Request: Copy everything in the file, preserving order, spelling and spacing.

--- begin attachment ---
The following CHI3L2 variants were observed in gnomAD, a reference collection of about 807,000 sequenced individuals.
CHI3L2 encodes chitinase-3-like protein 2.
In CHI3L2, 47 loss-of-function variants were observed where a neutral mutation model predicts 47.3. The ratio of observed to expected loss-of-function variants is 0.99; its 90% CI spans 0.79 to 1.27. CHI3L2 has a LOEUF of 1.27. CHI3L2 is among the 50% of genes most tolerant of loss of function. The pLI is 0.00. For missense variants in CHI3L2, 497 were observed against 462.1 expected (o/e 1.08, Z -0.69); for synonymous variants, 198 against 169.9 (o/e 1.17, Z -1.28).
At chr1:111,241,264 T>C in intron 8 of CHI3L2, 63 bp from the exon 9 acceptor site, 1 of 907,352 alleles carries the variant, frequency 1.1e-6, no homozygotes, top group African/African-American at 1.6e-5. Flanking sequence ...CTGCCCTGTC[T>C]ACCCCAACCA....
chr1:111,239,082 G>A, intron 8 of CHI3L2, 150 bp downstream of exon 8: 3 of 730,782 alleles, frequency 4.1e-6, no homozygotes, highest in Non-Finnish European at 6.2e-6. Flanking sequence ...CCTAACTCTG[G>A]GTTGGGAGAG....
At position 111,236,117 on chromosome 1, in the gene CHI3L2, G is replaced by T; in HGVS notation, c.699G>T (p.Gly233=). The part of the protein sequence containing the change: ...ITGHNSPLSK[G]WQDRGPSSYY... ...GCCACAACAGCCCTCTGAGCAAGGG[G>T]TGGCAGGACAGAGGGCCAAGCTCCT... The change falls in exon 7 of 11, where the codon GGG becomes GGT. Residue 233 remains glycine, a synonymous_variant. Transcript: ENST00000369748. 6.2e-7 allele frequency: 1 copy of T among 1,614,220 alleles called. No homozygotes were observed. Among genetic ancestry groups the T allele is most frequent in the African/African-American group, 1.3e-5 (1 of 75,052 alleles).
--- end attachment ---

The following CHI3L2 variants were observed in gnomAD, a reference collection of about 807,000 sequenced individuals.
CHI3L2 encodes chitinase-3-like protein 2.
In CHI3L2, 47 loss-of-function variants were observed where a neutral mutation model predicts 47.3. The ratio of observed to expected loss-of-function variants is 0.99; its 90% CI spans 0.79 to 1.27. CHI3L2 has a LOEUF of 1.27. CHI3L2 is among the 50% of genes most tolerant of loss of function. The pLI is 0.00. For missense variants in CHI3L2, 497 were observed against 462.1 expected (o/e 1.08, Z -0.69); for synonymous variants, 198 against 169.9 (o/e 1.17, Z -1.28).
At chr1:111,241,264 T>C in intron 8 of CHI3L2, 63 bp from the exon 9 acceptor site, 1 of 907,352 alleles carries the variant, frequency 1.1e-6, no homozygotes, top group African/African-American at 1.6e-5. Flanking sequence ...CTGCCCTGTC[T>C]ACCCCAACCA....
chr1:111,239,082 G>A, intron 8 of CHI3L2, 150 bp downstream of exon 8: 3 of 730,782 alleles, frequency 4.1e-6, no homozygotes, highest in Non-Finnish European at 6.2e-6. Flanking sequence ...CCTAACTCTG[G>A]GTTGGGAGAG....
At position 111,236,117 on chromosome 1, in the gene CHI3L2, G is replaced by T; in HGVS notation, c.699G>T (p.Gly233=). The part of the protein sequence containing the change: ...ITGHNSPLSK[G]WQDRGPSSYY... ...GCCACAACAGCCCTCTGAGCAAGGG[G>T]TGGCAGGACAGAGGGCCAAGCTCCT... The change falls in exon 7 of 11, where the codon GGG becomes GGT. Residue 233 remains glycine, a synonymous_variant. Transcript: ENST00000369748. 6.2e-7 allele frequency: 1 copy of T among 1,614,220 alleles called. No homozygotes were observed. Among genetic ancestry groups the T allele is most frequent in the African/African-American group, 1.3e-5 (1 of 75,052 alleles).